I’m not so much interested in the exact mechanism of how humans would be convinced to go to war, as in an even approximate mechanism by which an AI would become good at convincing humans to do anything.
Ability to communicate a desire and convince people to take a particular course of action is not something that automatically “falls out” from an intelligent system. You need a theory of mind, an understanding of what to say, when to say it, and how to present information. There are hundreds of kids on autistic spectrum who could trounce both of us in math, but are completely unable to communicate an idea.
For an AI to develop these skills, it would somehow have to have access to information on how to communicate with humans; it would have to develop the concept of deception; a theory of mind; and establish methods of communication that would allow it to trick people into launching nukes. Furthermore, it would have to do all of this without trial communications and experimentation which would give away its goal.
Maybe I’m missing something, but I don’t see a straightforward way something like that could happen. And I would like to see even an outline of a mechanism for such an event.
I’m vaguely familiar with the models you mention. Correct me if I’m wrong, but don’t they have a final stopping point, which we are actually projected to reach in ten to twenty years? At a certain point, further miniaturization becomes unfeasible, and the growth of computational power slows to a crawl. This has been put forward as one of the main reasons for research into optronics, spintronics, etc.
We do NOT have sufficient basic information to develop processors based on simulation alone in those other areas. Much more practical work is necessary.
As for point 2, can you provide a likely mechanism by which a FOOMing AI could detonate a large number of high-yield thermonuclear weapons? Just saying “human servitors would do it” is not enough. How would the AI convince the human servitors to do this? How would it get access to data on how to manipulate humans, and how would it be able to develop human manipulation techniques without feedback trials (which would give away its intention)?
By all means, continue. It’s an interesting topic to think about.
The problem with “atoms up” simulation is the amount of computational power it requires. Think about the difference in complexity when calculating a three-body problem as compared to a two-body problem?
Than take into account the current protein folding algorithms. People have been trying to calculate folding of single protein molecules (and fairly short at that) by taking into account the main physical forces at play. In order to do this in a reasonable amount of time, great shortcuts have to be taken—instead of integrating forces, changes are treated as stepwise, forces beneath certain thresholds are ignored, etc. This means that a result will always have only a certain probability of being right.
A self-replicating nanomachine requires minimal motors, manipulators and assemblers; while still tiny, it would be a molecular complex measured in megadaltons. To precisely simulate creation of such a machine, an AI that is trillion times faster than all the computers in the world combined would still require decades, if not centuries of processing time. And that is, again, assuming that we know all the forces involved perfectly, which we don’t (how will microfluidic effects affect a particular nanomachine that enters human bloodstream, for example?).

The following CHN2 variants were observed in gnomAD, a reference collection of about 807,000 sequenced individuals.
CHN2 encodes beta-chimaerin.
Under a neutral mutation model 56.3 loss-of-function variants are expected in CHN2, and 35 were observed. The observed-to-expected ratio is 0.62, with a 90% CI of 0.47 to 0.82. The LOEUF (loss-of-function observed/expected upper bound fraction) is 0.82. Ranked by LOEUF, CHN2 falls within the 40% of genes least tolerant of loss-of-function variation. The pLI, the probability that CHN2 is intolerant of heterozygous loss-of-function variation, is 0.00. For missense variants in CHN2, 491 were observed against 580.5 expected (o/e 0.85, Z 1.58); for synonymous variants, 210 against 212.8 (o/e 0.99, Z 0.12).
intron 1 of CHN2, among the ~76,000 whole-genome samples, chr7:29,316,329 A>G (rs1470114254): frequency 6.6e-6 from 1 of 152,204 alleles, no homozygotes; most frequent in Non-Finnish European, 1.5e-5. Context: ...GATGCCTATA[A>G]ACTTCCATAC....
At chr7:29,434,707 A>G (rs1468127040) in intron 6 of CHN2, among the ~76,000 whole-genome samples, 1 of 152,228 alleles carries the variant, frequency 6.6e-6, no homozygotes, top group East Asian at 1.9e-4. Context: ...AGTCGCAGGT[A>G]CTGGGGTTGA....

See my answer to dlthomas.
Scaling it up is absolutely dependent on currently nonexistent information. This is not my area, but a lot of my work revolves around control of kinesin and dynein (molecular motors that carry cargoes via microtubule tracks), and the problems are often similar in nature.
Essentially, we can make small pieces. Putting them together is an entirely different thing. But let’s make this more general.
The process of discovery has, so far throughout history, followed a very irregular path.
1- there is a general idea
2- some progress is made
3- progress runs into an unpredicted and previously unknown obstacle, which is uncovered by experimentation.
4- work is done to overcome this obstacle.
5- goto 2, for many cycles, until a goal is achieved—which may or may not be close to the original idea.
I am not the one who is making positive claims here. All I’m saying is that what has happened before is likely to happen again. A team of human researchers or an AGI can use currently available information to build something (anything, nanoscale or macroscale) to the place to which it has already been built. Pushing it beyond that point almost invariably runs into previously unforeseen problems. Being unforeseen, these problems were not part of models or simulations; they have to be accounted for independently.
A positive claim is that an AI will have a magical-like power to somehow avoid this—that it will be able to simulate even those steps that haven’t been attempted yet so perfectly, that all possible problems will be overcome at the simulation step. I find that to be unlikely.